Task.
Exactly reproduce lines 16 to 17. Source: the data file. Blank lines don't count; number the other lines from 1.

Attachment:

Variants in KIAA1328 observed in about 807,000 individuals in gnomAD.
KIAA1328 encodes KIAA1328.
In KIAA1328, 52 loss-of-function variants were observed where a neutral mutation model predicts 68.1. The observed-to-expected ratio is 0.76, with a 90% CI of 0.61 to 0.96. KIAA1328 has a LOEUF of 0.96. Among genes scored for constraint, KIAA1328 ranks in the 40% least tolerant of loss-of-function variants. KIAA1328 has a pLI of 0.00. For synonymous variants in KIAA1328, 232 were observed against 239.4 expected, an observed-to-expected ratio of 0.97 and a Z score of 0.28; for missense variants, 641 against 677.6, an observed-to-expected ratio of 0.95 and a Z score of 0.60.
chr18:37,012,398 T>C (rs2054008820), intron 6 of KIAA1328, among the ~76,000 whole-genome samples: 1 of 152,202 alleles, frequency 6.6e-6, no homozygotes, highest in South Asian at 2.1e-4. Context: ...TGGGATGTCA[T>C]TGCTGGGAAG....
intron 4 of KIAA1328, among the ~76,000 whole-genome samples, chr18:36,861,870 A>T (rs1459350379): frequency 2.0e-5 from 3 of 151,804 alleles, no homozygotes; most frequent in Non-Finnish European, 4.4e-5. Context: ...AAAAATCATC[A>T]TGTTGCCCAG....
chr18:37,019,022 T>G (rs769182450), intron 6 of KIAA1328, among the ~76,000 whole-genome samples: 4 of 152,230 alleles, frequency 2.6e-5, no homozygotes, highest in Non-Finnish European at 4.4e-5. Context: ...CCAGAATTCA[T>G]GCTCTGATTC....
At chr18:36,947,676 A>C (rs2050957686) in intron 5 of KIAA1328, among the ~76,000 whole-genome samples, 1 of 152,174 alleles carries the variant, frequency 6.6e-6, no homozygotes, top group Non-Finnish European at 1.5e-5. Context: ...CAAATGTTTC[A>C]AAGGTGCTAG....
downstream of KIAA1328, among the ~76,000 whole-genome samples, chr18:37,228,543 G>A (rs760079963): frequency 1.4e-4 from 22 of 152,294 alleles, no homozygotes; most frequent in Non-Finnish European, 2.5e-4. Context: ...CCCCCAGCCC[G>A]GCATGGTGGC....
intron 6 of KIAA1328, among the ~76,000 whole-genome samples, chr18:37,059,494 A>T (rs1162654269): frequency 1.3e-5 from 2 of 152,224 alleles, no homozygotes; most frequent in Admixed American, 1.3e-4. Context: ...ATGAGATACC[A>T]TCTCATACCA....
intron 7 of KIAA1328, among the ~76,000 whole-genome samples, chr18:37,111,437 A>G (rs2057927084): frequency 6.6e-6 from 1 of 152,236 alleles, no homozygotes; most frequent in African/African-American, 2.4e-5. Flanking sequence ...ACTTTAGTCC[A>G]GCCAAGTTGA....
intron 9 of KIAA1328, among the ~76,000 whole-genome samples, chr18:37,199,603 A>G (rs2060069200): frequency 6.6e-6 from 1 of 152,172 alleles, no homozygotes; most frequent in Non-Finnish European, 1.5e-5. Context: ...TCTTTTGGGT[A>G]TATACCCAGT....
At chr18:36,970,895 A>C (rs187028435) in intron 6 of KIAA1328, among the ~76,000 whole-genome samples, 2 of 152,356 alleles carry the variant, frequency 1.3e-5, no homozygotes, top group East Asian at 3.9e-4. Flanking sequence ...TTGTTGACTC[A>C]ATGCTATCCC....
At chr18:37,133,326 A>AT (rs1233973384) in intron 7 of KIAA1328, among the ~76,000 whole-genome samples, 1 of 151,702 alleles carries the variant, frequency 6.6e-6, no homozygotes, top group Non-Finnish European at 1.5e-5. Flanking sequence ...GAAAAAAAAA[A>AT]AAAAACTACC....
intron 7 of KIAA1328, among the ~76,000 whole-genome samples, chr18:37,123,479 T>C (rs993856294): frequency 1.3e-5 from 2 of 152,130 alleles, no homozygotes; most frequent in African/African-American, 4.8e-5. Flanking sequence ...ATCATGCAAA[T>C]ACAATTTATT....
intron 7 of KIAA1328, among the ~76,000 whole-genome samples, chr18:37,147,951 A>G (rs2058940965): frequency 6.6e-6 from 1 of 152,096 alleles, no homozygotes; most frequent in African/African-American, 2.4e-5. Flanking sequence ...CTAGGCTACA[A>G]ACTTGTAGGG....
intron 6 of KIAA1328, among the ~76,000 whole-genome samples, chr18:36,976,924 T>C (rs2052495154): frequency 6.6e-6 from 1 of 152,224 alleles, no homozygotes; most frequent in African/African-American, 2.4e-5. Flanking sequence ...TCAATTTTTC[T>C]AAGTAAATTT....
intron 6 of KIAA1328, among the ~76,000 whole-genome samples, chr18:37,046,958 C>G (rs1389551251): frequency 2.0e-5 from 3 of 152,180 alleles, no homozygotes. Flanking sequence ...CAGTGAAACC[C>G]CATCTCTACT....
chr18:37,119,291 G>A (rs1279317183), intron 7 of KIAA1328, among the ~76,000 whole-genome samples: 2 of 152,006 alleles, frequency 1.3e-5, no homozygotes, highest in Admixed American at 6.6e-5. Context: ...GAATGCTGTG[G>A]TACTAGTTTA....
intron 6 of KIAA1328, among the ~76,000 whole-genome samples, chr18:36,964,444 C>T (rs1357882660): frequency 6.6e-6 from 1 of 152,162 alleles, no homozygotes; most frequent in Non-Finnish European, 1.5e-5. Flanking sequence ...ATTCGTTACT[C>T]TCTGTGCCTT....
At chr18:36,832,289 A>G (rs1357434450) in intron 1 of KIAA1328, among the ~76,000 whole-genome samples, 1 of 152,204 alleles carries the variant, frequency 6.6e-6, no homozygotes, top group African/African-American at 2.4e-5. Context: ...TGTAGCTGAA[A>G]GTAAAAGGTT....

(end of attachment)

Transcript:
intron 6 of KIAA1328, among the ~76,000 whole-genome samples, chr18:36,976,924 T>C (rs2052495154): frequency 6.6e-6 from 1 of 152,224 alleles, no homozygotes; most frequent in African/African-American, 2.4e-5. Flanking sequence ...TCAATTTTTC[T>C]AAGTAAATTT....
intron 6 of KIAA1328, among the ~76,000 whole-genome samples, chr18:37,046,958 C>G (rs1389551251): frequency 2.0e-5 from 3 of 152,180 alleles, no homozygotes. Flanking sequence ...CAGTGAAACC[C>G]CATCTCTACT....